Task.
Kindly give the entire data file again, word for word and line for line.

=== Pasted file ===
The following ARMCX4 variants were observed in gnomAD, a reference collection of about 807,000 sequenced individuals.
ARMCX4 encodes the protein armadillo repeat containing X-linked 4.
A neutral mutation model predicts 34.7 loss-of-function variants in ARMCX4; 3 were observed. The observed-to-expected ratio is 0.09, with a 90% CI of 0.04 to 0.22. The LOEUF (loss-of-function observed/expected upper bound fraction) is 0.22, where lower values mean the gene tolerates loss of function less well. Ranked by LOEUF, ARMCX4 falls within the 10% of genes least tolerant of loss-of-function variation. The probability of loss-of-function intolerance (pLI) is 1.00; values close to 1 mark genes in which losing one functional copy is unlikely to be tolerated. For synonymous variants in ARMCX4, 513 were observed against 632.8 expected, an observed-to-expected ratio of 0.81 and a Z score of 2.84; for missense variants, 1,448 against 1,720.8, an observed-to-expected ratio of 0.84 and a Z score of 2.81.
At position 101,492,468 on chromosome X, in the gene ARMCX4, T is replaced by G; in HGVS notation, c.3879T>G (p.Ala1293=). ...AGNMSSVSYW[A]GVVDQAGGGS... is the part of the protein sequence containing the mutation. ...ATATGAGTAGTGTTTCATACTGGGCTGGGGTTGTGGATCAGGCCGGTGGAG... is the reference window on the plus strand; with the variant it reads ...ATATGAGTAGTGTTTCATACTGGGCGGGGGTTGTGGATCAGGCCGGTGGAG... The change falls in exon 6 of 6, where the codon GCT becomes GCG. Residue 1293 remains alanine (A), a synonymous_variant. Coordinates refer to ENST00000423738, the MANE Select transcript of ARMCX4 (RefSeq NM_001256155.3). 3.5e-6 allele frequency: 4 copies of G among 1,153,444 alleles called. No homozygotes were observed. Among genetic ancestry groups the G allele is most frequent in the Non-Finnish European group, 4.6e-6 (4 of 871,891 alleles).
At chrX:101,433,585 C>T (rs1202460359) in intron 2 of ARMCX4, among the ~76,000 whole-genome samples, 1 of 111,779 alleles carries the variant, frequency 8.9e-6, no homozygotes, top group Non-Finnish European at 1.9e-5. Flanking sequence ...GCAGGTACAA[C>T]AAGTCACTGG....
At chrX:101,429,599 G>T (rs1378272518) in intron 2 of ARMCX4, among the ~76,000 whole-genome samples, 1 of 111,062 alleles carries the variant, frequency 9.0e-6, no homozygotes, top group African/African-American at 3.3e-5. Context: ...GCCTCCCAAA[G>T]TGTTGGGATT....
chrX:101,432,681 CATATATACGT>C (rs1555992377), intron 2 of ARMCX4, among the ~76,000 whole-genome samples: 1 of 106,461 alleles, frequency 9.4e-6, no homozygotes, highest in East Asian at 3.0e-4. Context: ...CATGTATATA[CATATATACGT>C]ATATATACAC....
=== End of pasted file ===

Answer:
The following ARMCX4 variants were observed in gnomAD, a reference collection of about 807,000 sequenced individuals.
ARMCX4 encodes the protein armadillo repeat containing X-linked 4.
A neutral mutation model predicts 34.7 loss-of-function variants in ARMCX4; 3 were observed. The observed-to-expected ratio is 0.09, with a 90% CI of 0.04 to 0.22. The LOEUF (loss-of-function observed/expected upper bound fraction) is 0.22, where lower values mean the gene tolerates loss of function less well. Ranked by LOEUF, ARMCX4 falls within the 10% of genes least tolerant of loss-of-function variation. The probability of loss-of-function intolerance (pLI) is 1.00; values close to 1 mark genes in which losing one functional copy is unlikely to be tolerated. For synonymous variants in ARMCX4, 513 were observed against 632.8 expected, an observed-to-expected ratio of 0.81 and a Z score of 2.84; for missense variants, 1,448 against 1,720.8, an observed-to-expected ratio of 0.84 and a Z score of 2.81.
At position 101,492,468 on chromosome X, in the gene ARMCX4, T is replaced by G; in HGVS notation, c.3879T>G (p.Ala1293=). ...AGNMSSVSYW[A]GVVDQAGGGS... is the part of the protein sequence containing the mutation. ...ATATGAGTAGTGTTTCATACTGGGCTGGGGTTGTGGATCAGGCCGGTGGAG... is the reference window on the plus strand; with the variant it reads ...ATATGAGTAGTGTTTCATACTGGGCGGGGGTTGTGGATCAGGCCGGTGGAG... The change falls in exon 6 of 6, where the codon GCT becomes GCG. Residue 1293 remains alanine (A), a synonymous_variant. Coordinates refer to ENST00000423738, the MANE Select transcript of ARMCX4 (RefSeq NM_001256155.3). 3.5e-6 allele frequency: 4 copies of G among 1,153,444 alleles called. No homozygotes were observed. Among genetic ancestry groups the G allele is most frequent in the Non-Finnish European group, 4.6e-6 (4 of 871,891 alleles).
At chrX:101,433,585 C>T (rs1202460359) in intron 2 of ARMCX4, among the ~76,000 whole-genome samples, 1 of 111,779 alleles carries the variant, frequency 8.9e-6, no homozygotes, top group Non-Finnish European at 1.9e-5. Flanking sequence ...GCAGGTACAA[C>T]AAGTCACTGG....
At chrX:101,429,599 G>T (rs1378272518) in intron 2 of ARMCX4, among the ~76,000 whole-genome samples, 1 of 111,062 alleles carries the variant, frequency 9.0e-6, no homozygotes, top group African/African-American at 3.3e-5. Context: ...GCCTCCCAAA[G>T]TGTTGGGATT....
chrX:101,432,681 CATATATACGT>C (rs1555992377), intron 2 of ARMCX4, among the ~76,000 whole-genome samples: 1 of 106,461 alleles, frequency 9.4e-6, no homozygotes, highest in East Asian at 3.0e-4. Context: ...CATGTATATA[CATATATACGT>C]ATATATACAC....